WARNING: There are MAJOR SPOILERS for the ending of First Man ahead.
So if you’re yet to see Damien Chazelle’s epic re-telling of Neil Armstrong’s mission to the moon please don’t read on.
Instead, bookmark this article, watch the film, preferably in IMAX, and then return to read what its editor Tom Cross had to say about the ending of “First Man.”
Set over nearly a decade, “First Man” takes a visceral and detailed look at Neil Armstrong (Ryan Gosling)’s heroic work and the death-defying tribulations that it took for him to get to the moon.
But while the film is meticulous and riveting in its depiction of the integral challenges that Armstrong had to overcome before he could take his one, small step for man, it also reveals the toil that Neil’s wife Janet (Claire Foy) and two children had to endure on this journey, too.
That’s why, after all is said and done, and Neil Armstrong has gone to the moon and back, “First Man” concludes with him and Janet in separate rooms, separated by quarantine, silently trying touching hands on either side of protective glass.
It is a quiet, yet beautiful way to conclude the film amidst all of the death and rockets that have populated it. Editor Tom Cross recently admitted that it was always the plan for the film to finish with this moment between Neil and Janet.
“We knew very early on that the story should end with Neil and Janet. Damien always thought that was the gist of the film and was important.”
“The idea of the film was, as he put it to Ryan Gosling, “The movie is about the moon and the kitchen sink.’”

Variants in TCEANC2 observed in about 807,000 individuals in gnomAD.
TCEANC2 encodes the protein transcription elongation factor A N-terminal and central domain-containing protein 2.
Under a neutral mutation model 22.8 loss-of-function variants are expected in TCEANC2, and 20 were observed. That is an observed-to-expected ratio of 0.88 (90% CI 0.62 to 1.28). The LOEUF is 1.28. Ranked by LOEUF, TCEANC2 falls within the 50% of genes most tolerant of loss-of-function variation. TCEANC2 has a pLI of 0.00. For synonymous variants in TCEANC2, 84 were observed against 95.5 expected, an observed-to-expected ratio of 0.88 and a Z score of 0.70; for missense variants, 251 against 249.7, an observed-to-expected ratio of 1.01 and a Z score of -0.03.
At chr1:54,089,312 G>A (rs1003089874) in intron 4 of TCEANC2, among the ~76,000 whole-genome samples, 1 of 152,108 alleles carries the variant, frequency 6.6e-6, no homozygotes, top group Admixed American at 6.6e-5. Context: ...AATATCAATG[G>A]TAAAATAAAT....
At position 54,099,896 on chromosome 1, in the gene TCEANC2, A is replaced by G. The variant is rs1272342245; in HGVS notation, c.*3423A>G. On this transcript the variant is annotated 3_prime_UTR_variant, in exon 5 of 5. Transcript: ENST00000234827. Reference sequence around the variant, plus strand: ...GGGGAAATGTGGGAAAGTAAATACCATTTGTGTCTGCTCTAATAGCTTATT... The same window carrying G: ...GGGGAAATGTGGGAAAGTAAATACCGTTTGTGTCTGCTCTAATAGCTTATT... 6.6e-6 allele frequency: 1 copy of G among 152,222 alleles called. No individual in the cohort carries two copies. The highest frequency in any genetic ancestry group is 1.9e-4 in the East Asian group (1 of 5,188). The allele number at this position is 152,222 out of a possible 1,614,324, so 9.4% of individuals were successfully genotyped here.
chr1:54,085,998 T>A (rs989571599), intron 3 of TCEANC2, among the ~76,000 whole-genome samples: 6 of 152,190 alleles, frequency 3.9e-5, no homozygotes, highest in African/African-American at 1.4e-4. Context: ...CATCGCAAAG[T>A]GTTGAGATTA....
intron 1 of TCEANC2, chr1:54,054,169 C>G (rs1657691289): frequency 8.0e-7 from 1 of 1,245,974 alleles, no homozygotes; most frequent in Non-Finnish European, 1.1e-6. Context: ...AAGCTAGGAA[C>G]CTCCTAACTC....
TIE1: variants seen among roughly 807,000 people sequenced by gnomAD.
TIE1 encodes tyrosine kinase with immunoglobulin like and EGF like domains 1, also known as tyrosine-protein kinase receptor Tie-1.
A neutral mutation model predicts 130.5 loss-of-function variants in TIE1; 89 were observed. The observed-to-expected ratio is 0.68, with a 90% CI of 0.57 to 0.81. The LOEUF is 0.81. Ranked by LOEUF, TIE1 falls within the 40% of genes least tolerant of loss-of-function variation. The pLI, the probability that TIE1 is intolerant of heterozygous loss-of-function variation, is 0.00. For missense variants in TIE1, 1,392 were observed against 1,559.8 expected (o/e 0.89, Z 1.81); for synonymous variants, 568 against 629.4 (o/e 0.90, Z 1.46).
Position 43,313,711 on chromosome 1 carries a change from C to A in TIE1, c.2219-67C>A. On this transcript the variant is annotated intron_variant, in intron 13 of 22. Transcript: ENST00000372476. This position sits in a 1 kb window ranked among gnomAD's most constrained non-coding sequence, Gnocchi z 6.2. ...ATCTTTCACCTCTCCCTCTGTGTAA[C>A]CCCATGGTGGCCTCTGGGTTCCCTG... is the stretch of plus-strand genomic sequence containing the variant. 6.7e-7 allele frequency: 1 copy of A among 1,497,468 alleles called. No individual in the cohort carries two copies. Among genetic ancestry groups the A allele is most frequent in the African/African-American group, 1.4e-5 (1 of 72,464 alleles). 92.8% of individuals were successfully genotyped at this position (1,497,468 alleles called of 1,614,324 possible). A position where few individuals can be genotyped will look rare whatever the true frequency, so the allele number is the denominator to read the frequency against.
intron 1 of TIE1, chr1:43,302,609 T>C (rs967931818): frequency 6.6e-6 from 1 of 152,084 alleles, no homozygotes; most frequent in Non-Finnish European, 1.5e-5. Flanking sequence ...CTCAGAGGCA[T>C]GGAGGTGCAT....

“That meant that there would be a balance between the mission scenes and Nasa and the relationship and domestic scenes between Neil, Janet and the sons.”
“That was a big challenge to find that balance. It just meant that the story should really end with the two of them.”
That wasn’t originally how “First Man” concluded in Josh Singer’s script, though.
“Actually there were some scenes that followed that in Josh’s script. They were beautifully written and beautifully realized by Damien.”
“They were scenes after Neil getting out of quarantine and being driven home by Deke (Kyle Chandler).”
“He gets dropped off in his front yard, and he sees his son through the window, at night, and that was originally how the movie ended.”
“I cut it from my first cut. I don’t think it existed in Damien’s first cut at all.”
I was also intrigued to know whether Chazelle had intended for “First Man” to be even more indepth and epic, but Cross insisted that the director never considered a longer running time as he wanted the biopic to remain “accessible.”
“I don’t remember the exact length of the longest edit. We certainly had a longer edit. But the amazing thing about Damien is that he really never wants to, he is never a fan of having something excessively long. Most directors don’t want that, but he is very sensitive to it.”
“We knew that ‘La La Land’ needed to be a little longer than people expected, because of its epilogue. But he is always fighting to keep it accessible to a wide audience. He doesn’t feel comfortable living in a long cut.”
“Right from the beginning of ‘First Man’ we didn’t live long in the cut. He would never have allowed a four hour long cut of ‘First Man.’ That’s just not in his interest.”
“First Man” is now in cinemas.